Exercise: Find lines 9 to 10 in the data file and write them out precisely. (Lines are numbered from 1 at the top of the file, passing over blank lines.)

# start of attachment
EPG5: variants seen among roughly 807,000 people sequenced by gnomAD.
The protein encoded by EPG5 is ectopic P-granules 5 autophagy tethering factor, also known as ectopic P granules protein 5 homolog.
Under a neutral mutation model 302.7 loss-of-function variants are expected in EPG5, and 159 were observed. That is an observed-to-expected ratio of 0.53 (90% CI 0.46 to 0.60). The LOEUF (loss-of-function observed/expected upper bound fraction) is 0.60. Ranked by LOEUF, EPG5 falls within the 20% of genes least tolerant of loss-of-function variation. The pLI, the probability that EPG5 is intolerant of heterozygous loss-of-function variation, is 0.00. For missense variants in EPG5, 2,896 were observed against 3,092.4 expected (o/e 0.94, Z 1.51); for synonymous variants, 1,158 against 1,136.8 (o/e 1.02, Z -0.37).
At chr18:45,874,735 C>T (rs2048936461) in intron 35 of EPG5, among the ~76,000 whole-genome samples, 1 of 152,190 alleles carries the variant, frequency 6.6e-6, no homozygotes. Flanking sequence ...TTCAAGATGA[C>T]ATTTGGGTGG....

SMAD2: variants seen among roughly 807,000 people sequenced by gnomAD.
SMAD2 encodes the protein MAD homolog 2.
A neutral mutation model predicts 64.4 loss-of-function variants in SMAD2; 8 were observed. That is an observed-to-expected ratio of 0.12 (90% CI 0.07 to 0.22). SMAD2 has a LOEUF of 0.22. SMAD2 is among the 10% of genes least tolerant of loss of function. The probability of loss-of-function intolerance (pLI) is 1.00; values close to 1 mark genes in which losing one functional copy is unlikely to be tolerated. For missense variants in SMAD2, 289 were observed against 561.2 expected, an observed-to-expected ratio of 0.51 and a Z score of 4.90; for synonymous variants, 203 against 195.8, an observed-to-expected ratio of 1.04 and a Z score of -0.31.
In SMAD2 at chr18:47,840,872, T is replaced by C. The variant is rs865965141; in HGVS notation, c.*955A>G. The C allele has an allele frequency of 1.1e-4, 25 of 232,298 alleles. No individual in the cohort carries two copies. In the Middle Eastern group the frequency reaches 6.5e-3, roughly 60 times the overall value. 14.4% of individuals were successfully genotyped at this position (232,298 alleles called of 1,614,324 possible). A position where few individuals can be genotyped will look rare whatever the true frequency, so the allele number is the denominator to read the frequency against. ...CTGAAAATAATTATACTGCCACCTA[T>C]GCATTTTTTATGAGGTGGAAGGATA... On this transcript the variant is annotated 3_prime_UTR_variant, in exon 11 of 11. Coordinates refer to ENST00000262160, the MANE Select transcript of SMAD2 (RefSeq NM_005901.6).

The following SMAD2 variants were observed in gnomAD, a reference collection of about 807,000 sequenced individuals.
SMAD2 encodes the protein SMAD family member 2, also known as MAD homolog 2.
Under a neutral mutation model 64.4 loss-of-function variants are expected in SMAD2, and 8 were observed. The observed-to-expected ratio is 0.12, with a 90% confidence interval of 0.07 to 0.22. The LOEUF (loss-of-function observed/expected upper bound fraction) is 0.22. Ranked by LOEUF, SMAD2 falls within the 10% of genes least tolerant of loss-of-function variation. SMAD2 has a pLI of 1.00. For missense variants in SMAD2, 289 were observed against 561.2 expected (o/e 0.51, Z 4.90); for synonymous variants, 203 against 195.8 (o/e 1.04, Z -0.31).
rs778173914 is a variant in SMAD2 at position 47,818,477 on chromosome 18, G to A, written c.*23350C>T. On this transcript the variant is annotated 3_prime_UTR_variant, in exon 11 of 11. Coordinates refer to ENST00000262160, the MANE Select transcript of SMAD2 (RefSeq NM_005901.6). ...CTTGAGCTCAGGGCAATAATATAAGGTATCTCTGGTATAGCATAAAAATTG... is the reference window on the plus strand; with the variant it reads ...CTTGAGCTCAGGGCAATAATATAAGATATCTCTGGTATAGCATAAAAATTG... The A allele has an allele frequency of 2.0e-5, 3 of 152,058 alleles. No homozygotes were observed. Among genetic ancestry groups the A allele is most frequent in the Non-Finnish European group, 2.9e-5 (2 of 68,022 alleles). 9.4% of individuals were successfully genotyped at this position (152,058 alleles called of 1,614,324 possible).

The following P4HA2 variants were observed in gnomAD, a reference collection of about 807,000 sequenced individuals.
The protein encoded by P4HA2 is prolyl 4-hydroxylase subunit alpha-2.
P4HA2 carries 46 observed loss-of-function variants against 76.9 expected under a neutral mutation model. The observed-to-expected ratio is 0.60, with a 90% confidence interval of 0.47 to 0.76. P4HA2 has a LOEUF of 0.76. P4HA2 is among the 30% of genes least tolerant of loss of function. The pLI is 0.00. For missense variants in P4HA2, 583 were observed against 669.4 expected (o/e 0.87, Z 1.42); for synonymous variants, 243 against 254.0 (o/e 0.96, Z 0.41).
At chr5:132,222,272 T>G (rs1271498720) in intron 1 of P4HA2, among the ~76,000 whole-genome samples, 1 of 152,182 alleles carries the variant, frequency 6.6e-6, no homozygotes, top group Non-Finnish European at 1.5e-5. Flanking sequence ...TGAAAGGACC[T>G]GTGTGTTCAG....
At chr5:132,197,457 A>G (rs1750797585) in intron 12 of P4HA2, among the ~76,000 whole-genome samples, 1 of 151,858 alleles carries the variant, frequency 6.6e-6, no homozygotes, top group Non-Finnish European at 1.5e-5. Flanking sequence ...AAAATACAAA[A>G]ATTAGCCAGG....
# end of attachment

The following SMAD2 variants were observed in gnomAD, a reference collection of about 807,000 sequenced individuals.
SMAD2 encodes the protein SMAD family member 2, also known as MAD homolog 2.